Dunno about you but we had quite a busy weekend up here in Sheffield. It was the Tramlines Festival which the main stage of took up the majority of our Saturday. We reviewed it over at This Is Fake DIY, which you should probably go and visit if you have a few minutes and like decent music journalism. For the lazy amongst you however we've reprinted it here - along with some blurry photos that we took during the day.
There's been much anticipation around Sheffield, for this local 'celebrity' (Matt Helders, The Reverend and Toddla T) curated city-wide free event. A last minute decision by the City Council to have the 5,000 capacity main stage on Devonshire Green fenced off (due to health and safety concerns), however, means that half of Sheffield is in town for half ten in the morning on the Saturday in order to get hold of the day's free tickets.
It's not an ideal situation, and mid way through the day as we're sat on the green and the area seems fairly empty, there's a queue of people waiting outside for departures to make more tickets available. This coupled with the fact that no one really seems sure as to what's going on (there's been quite a few cancellations and the timetable is wrong and unclear) means that we decide to stay put for the majority of the day.
We miss the first few acts and instead arrive just before the first couple of miming pop singers come on stage. Jade Ewen is first and really dull 'performing' some generic dance-pop. Girls Can't Catch are next and better with a not intolerable facsimile of Girls Aloud (still, it's amazing what the mainstream will get excited about in a year where the queens of UK pop are absent). After a short(ish) break we get Raygun (bland but serviceable pop rock), whose set highlight comes when the singer's attempt to kick a beach ball back at the crowd winds up in him falling off stage, and then The Yeah You's who entertain the mostly young crowd with their MOR pop music. Aside from actually performing live these two acts really have very little going for them.
^Girls Can't Catch^A late addition to the bill (presumably replacing the thankfully absent Noisettes), Athlete get the only decent length set of the day, playing six songs and proving to be a festival highlight. It's after too long a wait and they come on in front of a crowd eager to see some proper music. 'You've Got The Style' is first, followed by the near perfection of 'Half Light'. We then get a new song called 'Superhuman Touch' that's powered by a brilliant keyboard part and gets us surprisingly stoked for the new album. 'Wires' follows and has the whole crowd singing and swaying along. 'Twenty Four Hours' is played with a lot of energy and we get another new song before the band depart.
There's another sizeable gap next and we get especially tired of the terrible local radio stations song loop. Nonetheless to the screaming of loads of underage girls Preston comes on stage. For better or worse, he's ditched his Ordinary Boys and seems intent on making some 'proper' pop music now. Today at least, he doesn't do it very well. A good singer but sounding a bit out of tune, all his songs sound unfinished with at least one element needing a lot of work and all ending rather abruptly. However, he's absolutely terrific when compared with the terrible miming and lack of stage presence that is Pixie Lott, who follows shortly after.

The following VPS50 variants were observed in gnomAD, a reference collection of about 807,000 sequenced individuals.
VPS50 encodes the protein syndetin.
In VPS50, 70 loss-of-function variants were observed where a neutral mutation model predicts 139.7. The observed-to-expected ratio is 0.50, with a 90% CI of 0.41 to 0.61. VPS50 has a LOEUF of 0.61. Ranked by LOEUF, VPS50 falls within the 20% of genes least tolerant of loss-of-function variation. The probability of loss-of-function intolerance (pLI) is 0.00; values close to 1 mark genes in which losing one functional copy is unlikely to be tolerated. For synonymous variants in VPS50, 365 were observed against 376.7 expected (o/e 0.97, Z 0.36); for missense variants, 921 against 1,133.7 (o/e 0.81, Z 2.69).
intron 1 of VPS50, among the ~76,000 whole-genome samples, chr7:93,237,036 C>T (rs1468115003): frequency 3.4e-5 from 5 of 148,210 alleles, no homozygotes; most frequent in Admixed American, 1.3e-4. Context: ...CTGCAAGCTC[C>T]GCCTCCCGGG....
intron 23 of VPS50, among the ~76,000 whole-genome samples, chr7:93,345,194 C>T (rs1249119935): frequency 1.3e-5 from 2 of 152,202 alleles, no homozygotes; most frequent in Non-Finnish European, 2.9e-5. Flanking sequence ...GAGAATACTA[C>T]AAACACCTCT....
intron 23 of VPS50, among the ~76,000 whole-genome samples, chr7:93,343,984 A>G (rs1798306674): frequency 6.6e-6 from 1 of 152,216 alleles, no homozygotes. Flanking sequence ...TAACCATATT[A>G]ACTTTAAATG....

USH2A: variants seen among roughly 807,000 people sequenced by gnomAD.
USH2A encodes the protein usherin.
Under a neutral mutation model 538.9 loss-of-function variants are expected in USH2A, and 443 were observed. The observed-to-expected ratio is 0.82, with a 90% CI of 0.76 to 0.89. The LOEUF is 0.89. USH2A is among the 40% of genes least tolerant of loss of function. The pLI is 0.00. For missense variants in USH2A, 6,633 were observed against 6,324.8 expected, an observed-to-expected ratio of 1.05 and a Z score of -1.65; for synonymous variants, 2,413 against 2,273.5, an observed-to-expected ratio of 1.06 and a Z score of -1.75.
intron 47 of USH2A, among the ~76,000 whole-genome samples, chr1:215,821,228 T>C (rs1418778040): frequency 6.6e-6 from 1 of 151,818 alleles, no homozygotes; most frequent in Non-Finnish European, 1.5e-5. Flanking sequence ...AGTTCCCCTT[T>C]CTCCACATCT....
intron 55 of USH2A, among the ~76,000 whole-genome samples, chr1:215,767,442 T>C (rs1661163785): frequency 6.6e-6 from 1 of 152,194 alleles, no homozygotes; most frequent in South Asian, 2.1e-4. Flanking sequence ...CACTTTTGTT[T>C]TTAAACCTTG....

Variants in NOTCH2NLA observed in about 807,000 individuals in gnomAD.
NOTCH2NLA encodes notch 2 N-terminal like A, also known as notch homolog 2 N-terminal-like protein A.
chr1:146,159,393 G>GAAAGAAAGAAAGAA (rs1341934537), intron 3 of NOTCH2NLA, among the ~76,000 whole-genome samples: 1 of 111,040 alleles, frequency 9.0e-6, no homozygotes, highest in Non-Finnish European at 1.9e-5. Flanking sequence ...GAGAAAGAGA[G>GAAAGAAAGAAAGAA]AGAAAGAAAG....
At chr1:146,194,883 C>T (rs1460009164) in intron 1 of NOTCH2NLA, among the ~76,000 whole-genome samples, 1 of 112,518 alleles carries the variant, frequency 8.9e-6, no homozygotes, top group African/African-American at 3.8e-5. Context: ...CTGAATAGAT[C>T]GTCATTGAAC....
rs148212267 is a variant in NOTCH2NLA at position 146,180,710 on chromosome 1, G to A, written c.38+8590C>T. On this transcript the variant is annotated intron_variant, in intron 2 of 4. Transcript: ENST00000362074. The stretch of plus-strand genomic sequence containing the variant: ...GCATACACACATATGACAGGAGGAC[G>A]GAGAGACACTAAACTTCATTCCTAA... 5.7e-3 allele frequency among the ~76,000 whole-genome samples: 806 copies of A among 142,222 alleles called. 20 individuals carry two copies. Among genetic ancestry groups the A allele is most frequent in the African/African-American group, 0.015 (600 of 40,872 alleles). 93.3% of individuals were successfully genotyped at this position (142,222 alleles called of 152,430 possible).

The next gap is ridiculously long as we await the main act that we're at Devonshire Green to see. If there's one big complaint about this festival it's that they need to get their timings more consistent – there's no flow to proceedings. More's the worry that we want to be halfway across town by 10 o'clock to see Johnny Foreigner. At just gone half nine Little Boots finally comes on stage. She is really quite brilliant. Blowing all of the manufactured acts clean out of the water with genuine star quality she commands the stage playing only three songs: 'Remedy', 'New In Town' and 'Stuck On Repeat'. She's a proper star but we have to dash in the final seconds of her performance, leaving Dev Green just as Booty Luv are rushed on stage.
We get to the Stockroom two songs into Johnny Foreigner's set. It's rammed. There's people watching in through the windows and photographers are standing on the windowsills trying to get shots. The set is mostly a showcase of new material, although 'Eyes Wide Terrified', 'Sofacore' and 'Salt, Peppa and Spinderella' get airings also. The last of which gets the crowd moving as much as they physically can. We can't see anything and most of the sound is absorbed by the first row of people but this is still a good gig. At various points Alexei asks a member of the crowd where they got their goFASTER>> t-shirt from (commenting on how the quality of a gig can be judged from the crowd's shirts) and apologises for the band being rubbish (they're not) due to not playing together for three weeks because of holding down proper jobs.
We spill out once the set's finished as it's too warm to hang around in the venue, thanks to the lack of tickets and this whole festival being free The Stockroom is well over capacity and we decide that although various venues are continuing the revelry until 3am, seeing as most of the bands are done that we'll call it a night. Not massively well organised and with too many shit pop acts, Tramlines was still worth a day investigating. We're sure that with experience they'll deliver more next year.